We see computer science as a ‘fourth science’. Our approach to the subject was developed with input from Cambridge high tech entrepreneurs, academics, other schools and the Computing At School organisation. Our curriculum is grounded in a rigorous and academic approach, exactly like any other science.
Now in its fifth year, our computer science course is intended to introduce the subject in a serious way to the younger years, giving all pupils a strong foundation in years 7 and 8 from which to progress to IGCSE and A level computer science, if they choose to from year 9 onwards.
- Learning journey - Years 7-9
The course has been carefully designed to be accessible to all, regardless of previous formal computer science teaching.
Lessons are held both in ICT rooms and classrooms, reflecting the need for a strong grounding in thinking skills and theoretical concepts alongside the more practical programming tasks.
- A thorough and systematic grounding in algorithms and programming with open-ended and easily accessible practical tasks to help students master their new skills
- Mathematical and digital technology concepts explored through programming tasks
- An exploration of theoretical concepts
There is plenty of practical work such as programming Python, The BBC micro:bit (mini-computer) and HTML/CSS as well as an introduction to databases.
- Learning journey - IGCSE
Students who elect to take computer science to IGCSE develop their understanding of the main principles of problem-solving using computers. They apply their understanding to develop computer-based solutions to problems using algorithms and a high-level programming language. They also develop a range of technical skills, as well as the ability to test effectively and to evaluate computing solutions.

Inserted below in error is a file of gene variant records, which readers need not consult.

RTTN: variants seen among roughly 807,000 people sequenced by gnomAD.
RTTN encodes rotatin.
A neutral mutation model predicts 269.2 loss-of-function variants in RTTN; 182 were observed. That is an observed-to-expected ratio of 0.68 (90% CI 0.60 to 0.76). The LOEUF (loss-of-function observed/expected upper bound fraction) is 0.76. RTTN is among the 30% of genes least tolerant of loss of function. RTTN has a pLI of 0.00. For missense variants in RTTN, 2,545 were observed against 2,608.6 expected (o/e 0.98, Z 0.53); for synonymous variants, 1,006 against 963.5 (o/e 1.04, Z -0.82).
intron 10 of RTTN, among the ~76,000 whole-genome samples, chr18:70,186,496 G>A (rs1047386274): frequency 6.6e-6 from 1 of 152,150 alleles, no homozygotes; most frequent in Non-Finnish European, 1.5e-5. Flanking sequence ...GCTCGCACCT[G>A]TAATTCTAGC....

The course helps students appreciate current and emerging computing technologies and the benefits of their use, and they learn to recognise the ethical issues and potential risks when using computers.
The course is open to students who join The Perse at Year 9 and have not previously studied computer science, as we recap on the basics and provide some structured Year 7/8 review material to aid the transition.
- Providing stretch
We regularly set optional tasks for pupils who would like to do extra work to deepen their knowledge or skills, from writing a program to find the Highest Common Factor of two integers to researching the origins of the World Wide Web. Certain coding websites such as projecteuler.net, code.org or hackerrank.com are popular places to develop programming skills.
We enter the Bebras Computing Challenge and consistently perform strongly at the national level. We also enter the Think Computer Science Oxford Computing Challenge with national success in multiple age groups. We have several additional team-based competitions during the year in addition to our own internal spring-code challenges; we publish an extension booklet to students to inform them of all the opportunities to get involved.
Higher up the school, our best students enter the British Informatics Olympiad and in 2017 Thomas Read was selected to join the UK team in the International Informatics Olympiad in Tehran, where he won a prestigious silver medal.
- Beyond the classroom
There is plenty of scope for extension for those who develop a passion for the subject. The Perse Programmers club runs weekly, offering a range of certificates, extension problems and competitions.
We also offer Digital Literacy club to enable students to achieve industry-approved Microsoft Office Specialist qualifications.